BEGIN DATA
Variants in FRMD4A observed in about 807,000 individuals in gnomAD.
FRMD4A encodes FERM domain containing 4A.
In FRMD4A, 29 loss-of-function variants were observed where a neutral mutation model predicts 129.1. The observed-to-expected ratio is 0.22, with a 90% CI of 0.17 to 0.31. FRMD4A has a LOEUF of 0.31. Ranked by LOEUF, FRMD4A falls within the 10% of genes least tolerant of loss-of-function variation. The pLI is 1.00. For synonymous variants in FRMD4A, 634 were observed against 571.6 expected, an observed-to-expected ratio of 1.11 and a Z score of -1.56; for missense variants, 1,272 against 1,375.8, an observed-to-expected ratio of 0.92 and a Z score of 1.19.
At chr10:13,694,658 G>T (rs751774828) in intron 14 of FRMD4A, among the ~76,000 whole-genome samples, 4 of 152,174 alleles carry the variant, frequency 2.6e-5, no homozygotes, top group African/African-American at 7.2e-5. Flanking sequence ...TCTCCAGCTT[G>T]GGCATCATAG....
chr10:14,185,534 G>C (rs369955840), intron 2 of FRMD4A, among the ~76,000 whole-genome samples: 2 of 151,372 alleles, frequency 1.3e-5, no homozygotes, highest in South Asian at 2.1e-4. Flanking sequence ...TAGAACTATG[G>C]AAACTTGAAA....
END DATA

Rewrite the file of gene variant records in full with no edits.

Variants in FRMD4A observed in about 807,000 individuals in gnomAD.
FRMD4A encodes FERM domain containing 4A.
In FRMD4A, 29 loss-of-function variants were observed where a neutral mutation model predicts 129.1. The observed-to-expected ratio is 0.22, with a 90% CI of 0.17 to 0.31. FRMD4A has a LOEUF of 0.31. Ranked by LOEUF, FRMD4A falls within the 10% of genes least tolerant of loss-of-function variation. The pLI is 1.00. For synonymous variants in FRMD4A, 634 were observed against 571.6 expected, an observed-to-expected ratio of 1.11 and a Z score of -1.56; for missense variants, 1,272 against 1,375.8, an observed-to-expected ratio of 0.92 and a Z score of 1.19.
At chr10:13,694,658 G>T (rs751774828) in intron 14 of FRMD4A, among the ~76,000 whole-genome samples, 4 of 152,174 alleles carry the variant, frequency 2.6e-5, no homozygotes, top group African/African-American at 7.2e-5. Flanking sequence ...TCTCCAGCTT[G>T]GGCATCATAG....
chr10:14,185,534 G>C (rs369955840), intron 2 of FRMD4A, among the ~76,000 whole-genome samples: 2 of 151,372 alleles, frequency 1.3e-5, no homozygotes, highest in South Asian at 2.1e-4. Flanking sequence ...TAGAACTATG[G>C]AAACTTGAAA....